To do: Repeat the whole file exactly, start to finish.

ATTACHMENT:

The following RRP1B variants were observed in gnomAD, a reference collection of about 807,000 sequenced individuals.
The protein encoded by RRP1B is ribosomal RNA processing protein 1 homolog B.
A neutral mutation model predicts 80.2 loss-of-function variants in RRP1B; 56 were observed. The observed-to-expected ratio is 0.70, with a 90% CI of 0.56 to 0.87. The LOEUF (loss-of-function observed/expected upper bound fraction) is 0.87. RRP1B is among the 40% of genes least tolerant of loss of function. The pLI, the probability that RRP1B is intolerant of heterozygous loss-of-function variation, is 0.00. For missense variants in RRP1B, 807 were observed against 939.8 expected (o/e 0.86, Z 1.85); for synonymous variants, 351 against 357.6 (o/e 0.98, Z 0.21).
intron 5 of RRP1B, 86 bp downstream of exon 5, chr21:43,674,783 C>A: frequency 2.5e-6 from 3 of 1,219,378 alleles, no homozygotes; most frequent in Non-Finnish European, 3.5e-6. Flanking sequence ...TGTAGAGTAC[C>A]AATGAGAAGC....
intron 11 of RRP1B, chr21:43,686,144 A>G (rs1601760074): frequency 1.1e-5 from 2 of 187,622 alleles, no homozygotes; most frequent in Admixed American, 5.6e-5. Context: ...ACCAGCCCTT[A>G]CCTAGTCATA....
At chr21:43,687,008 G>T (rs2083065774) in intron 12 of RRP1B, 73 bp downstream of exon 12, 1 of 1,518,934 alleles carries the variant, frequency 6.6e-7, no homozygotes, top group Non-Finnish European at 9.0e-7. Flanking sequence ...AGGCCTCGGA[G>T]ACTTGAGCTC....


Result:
The following RRP1B variants were observed in gnomAD, a reference collection of about 807,000 sequenced individuals.
The protein encoded by RRP1B is ribosomal RNA processing protein 1 homolog B.
A neutral mutation model predicts 80.2 loss-of-function variants in RRP1B; 56 were observed. The observed-to-expected ratio is 0.70, with a 90% CI of 0.56 to 0.87. The LOEUF (loss-of-function observed/expected upper bound fraction) is 0.87. RRP1B is among the 40% of genes least tolerant of loss of function. The pLI, the probability that RRP1B is intolerant of heterozygous loss-of-function variation, is 0.00. For missense variants in RRP1B, 807 were observed against 939.8 expected (o/e 0.86, Z 1.85); for synonymous variants, 351 against 357.6 (o/e 0.98, Z 0.21).
intron 5 of RRP1B, 86 bp downstream of exon 5, chr21:43,674,783 C>A: frequency 2.5e-6 from 3 of 1,219,378 alleles, no homozygotes; most frequent in Non-Finnish European, 3.5e-6. Flanking sequence ...TGTAGAGTAC[C>A]AATGAGAAGC....
intron 11 of RRP1B, chr21:43,686,144 A>G (rs1601760074): frequency 1.1e-5 from 2 of 187,622 alleles, no homozygotes; most frequent in Admixed American, 5.6e-5. Context: ...ACCAGCCCTT[A>G]CCTAGTCATA....
At chr21:43,687,008 G>T (rs2083065774) in intron 12 of RRP1B, 73 bp downstream of exon 12, 1 of 1,518,934 alleles carries the variant, frequency 6.6e-7, no homozygotes, top group Non-Finnish European at 9.0e-7. Flanking sequence ...AGGCCTCGGA[G>T]ACTTGAGCTC....